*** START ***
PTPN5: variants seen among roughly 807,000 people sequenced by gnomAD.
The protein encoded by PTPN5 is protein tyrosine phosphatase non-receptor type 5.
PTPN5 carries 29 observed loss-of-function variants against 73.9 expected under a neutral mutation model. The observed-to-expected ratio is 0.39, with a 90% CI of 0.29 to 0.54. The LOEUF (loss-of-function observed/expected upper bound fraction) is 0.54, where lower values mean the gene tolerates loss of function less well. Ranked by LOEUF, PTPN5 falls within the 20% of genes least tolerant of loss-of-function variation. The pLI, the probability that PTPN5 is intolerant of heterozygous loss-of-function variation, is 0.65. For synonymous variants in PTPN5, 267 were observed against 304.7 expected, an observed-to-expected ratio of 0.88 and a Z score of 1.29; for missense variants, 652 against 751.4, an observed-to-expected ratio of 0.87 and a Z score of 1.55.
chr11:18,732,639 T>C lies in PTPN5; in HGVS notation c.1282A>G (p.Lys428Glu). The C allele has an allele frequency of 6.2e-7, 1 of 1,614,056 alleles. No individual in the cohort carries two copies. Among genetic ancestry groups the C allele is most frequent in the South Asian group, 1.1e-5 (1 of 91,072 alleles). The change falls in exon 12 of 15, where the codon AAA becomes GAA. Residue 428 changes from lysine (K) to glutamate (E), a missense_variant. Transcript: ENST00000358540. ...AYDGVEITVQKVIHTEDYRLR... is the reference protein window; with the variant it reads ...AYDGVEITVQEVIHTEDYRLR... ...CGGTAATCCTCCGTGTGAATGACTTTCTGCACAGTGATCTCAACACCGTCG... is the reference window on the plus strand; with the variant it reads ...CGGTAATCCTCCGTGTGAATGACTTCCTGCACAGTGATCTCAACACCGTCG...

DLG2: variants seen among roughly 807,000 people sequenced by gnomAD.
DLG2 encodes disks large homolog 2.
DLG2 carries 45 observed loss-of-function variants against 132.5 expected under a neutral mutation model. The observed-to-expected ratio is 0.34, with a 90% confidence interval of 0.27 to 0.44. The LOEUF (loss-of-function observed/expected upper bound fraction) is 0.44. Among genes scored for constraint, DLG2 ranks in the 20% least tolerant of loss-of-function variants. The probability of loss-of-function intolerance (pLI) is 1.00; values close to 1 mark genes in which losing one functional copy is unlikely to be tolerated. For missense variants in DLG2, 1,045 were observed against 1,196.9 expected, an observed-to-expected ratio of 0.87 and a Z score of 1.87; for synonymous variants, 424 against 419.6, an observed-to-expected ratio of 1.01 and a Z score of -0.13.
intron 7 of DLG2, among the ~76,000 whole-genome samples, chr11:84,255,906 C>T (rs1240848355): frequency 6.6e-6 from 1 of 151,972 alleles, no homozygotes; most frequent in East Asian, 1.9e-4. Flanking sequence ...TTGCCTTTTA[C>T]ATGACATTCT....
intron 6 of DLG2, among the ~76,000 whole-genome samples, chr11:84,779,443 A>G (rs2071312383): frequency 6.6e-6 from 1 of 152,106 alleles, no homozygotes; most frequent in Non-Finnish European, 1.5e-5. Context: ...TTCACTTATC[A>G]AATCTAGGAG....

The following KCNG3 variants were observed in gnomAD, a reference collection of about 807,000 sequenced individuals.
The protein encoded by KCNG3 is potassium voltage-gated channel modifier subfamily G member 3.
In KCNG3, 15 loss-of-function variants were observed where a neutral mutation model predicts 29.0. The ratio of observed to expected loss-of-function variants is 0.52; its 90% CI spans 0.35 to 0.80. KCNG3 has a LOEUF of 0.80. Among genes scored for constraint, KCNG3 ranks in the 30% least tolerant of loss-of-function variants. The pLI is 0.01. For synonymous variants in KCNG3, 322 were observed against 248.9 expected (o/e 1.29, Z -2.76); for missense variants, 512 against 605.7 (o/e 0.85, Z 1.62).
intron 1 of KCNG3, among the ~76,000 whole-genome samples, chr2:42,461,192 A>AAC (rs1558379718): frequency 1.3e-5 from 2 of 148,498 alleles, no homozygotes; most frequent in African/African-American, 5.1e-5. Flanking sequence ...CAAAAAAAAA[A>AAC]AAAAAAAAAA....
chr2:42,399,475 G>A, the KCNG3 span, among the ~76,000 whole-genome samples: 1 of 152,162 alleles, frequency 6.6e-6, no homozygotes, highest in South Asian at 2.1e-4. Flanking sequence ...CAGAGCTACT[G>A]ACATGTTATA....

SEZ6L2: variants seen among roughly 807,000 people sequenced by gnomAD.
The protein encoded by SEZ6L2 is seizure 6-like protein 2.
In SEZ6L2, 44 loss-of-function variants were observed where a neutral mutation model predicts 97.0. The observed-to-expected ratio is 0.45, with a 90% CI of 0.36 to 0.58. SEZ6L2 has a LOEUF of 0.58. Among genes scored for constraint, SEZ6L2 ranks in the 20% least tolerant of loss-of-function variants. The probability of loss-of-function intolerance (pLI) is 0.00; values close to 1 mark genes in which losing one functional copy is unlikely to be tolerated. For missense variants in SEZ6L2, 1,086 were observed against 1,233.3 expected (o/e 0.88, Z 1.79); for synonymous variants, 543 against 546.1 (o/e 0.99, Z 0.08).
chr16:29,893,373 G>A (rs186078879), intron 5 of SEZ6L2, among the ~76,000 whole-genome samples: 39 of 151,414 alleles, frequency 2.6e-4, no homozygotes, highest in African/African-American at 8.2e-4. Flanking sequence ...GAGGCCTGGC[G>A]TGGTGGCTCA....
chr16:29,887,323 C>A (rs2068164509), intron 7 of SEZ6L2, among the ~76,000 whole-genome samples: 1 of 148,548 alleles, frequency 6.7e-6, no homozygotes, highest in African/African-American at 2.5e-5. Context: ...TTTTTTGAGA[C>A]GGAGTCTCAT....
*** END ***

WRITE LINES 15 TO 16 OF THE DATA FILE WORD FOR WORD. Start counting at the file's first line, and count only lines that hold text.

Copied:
SEZ6L2: variants seen among roughly 807,000 people sequenced by gnomAD.
The protein encoded by SEZ6L2 is seizure 6-like protein 2.